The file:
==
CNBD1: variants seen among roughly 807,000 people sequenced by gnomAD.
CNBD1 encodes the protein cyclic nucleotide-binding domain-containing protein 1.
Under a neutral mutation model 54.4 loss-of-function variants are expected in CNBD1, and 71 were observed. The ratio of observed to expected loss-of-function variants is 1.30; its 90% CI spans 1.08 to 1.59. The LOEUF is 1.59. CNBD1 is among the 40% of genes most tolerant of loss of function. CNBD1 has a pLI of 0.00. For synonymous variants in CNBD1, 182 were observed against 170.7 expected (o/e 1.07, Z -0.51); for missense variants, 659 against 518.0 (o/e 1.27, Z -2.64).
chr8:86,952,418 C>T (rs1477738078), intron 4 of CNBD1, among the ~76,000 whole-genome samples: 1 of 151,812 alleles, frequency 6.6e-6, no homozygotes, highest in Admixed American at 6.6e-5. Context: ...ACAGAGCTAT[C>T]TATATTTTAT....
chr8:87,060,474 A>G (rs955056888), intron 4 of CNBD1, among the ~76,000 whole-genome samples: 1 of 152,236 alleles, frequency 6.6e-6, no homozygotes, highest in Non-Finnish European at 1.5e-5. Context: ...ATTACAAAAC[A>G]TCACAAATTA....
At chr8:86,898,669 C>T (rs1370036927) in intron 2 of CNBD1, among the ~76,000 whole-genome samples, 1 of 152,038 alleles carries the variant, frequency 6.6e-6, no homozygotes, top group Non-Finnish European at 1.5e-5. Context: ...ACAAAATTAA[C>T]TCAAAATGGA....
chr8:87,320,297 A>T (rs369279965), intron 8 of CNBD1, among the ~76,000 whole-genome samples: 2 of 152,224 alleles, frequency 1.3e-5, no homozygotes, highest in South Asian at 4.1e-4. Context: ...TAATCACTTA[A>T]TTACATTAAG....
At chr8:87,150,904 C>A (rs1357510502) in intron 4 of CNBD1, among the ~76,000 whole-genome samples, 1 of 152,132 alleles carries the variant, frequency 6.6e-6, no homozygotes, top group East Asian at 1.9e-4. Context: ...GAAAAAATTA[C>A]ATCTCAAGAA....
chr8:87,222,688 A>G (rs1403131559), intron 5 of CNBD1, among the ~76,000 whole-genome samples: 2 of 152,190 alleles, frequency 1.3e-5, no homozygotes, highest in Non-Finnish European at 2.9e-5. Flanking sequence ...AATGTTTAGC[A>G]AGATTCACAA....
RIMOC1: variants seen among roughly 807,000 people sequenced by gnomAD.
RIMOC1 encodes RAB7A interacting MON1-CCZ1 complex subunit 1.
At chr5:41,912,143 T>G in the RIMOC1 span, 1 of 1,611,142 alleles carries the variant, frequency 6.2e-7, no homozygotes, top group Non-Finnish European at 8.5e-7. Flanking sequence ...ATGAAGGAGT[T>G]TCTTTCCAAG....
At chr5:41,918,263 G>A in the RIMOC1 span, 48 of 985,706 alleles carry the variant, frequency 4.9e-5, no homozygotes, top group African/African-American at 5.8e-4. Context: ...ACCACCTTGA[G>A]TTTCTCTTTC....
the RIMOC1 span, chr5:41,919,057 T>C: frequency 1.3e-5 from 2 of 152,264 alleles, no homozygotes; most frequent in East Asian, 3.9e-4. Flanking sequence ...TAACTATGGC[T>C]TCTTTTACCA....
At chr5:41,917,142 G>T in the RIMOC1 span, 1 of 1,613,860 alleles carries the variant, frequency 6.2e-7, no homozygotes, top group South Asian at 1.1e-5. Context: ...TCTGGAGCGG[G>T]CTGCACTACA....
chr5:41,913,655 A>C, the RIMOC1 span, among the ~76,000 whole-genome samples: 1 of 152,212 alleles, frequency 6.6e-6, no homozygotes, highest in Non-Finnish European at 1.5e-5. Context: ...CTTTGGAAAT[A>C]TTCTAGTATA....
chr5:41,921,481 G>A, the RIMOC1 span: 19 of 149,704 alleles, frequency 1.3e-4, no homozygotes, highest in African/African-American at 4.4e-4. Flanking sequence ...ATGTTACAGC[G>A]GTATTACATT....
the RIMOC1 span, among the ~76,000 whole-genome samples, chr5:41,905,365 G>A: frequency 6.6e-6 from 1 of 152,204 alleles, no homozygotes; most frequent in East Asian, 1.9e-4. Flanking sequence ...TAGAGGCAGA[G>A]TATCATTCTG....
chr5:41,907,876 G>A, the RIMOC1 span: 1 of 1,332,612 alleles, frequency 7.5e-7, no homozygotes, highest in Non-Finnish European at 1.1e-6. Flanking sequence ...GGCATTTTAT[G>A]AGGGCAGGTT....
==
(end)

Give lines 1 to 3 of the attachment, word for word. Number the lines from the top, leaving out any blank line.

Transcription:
CNBD1: variants seen among roughly 807,000 people sequenced by gnomAD.
CNBD1 encodes the protein cyclic nucleotide-binding domain-containing protein 1.
Under a neutral mutation model 54.4 loss-of-function variants are expected in CNBD1, and 71 were observed. The ratio of observed to expected loss-of-function variants is 1.30; its 90% CI spans 1.08 to 1.59. The LOEUF is 1.59. CNBD1 is among the 40% of genes most tolerant of loss of function. CNBD1 has a pLI of 0.00. For synonymous variants in CNBD1, 182 were observed against 170.7 expected (o/e 1.07, Z -0.51); for missense variants, 659 against 518.0 (o/e 1.27, Z -2.64).